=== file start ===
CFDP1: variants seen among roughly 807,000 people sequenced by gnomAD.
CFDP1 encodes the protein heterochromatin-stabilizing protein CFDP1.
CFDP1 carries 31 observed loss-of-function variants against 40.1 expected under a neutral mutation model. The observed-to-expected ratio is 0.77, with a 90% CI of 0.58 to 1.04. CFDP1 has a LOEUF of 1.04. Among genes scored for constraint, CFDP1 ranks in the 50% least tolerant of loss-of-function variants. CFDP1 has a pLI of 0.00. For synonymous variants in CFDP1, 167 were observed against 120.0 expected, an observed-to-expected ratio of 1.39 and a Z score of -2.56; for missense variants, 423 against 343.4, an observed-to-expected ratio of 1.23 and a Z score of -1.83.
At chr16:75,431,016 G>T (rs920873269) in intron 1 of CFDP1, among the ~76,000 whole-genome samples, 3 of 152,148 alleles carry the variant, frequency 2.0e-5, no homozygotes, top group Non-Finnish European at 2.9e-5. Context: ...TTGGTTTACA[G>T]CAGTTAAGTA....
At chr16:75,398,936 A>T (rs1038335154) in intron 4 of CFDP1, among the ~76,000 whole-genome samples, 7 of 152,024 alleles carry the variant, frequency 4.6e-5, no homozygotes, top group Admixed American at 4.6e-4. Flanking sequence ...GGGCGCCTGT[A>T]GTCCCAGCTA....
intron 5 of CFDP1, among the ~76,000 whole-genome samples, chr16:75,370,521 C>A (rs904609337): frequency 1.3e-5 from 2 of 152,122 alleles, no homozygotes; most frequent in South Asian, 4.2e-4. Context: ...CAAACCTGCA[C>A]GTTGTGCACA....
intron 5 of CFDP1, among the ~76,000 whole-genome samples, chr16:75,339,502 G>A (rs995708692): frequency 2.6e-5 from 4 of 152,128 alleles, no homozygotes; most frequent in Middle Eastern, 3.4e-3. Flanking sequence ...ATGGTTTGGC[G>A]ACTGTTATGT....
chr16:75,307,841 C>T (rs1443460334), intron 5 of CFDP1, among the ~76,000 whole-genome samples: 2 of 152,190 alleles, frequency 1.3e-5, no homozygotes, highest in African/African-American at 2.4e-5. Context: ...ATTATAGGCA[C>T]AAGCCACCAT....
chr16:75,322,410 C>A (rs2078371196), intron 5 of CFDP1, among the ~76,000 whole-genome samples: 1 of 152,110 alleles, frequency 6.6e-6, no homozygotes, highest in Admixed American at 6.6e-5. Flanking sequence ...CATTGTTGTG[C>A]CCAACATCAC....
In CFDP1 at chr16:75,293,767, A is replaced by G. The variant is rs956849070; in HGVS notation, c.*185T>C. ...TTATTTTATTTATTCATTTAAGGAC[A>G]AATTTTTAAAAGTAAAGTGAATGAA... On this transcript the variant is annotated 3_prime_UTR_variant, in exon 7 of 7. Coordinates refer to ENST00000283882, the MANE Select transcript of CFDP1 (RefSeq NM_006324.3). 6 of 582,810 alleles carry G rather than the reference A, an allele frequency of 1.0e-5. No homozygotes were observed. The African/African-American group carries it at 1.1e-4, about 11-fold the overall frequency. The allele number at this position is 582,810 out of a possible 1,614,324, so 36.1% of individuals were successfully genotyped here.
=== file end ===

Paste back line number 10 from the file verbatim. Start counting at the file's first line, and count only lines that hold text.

In CFDP1 at chr16:75,293,767, A is replaced by G. The variant is rs956849070; in HGVS notation, c.*185T>C. ...TTATTTTATTTATTCATTTAAGGAC[A>G]AATTTTTAAAAGTAAAGTGAATGAA... On this transcript the variant is annotated 3_prime_UTR_variant, in exon 7 of 7. Coordinates refer to ENST00000283882, the MANE Select transcript of CFDP1 (RefSeq NM_006324.3). 6 of 582,810 alleles carry G rather than the reference A, an allele frequency of 1.0e-5. No homozygotes were observed. The African/African-American group carries it at 1.1e-4, about 11-fold the overall frequency. The allele number at this position is 582,810 out of a possible 1,614,324, so 36.1% of individuals were successfully genotyped here.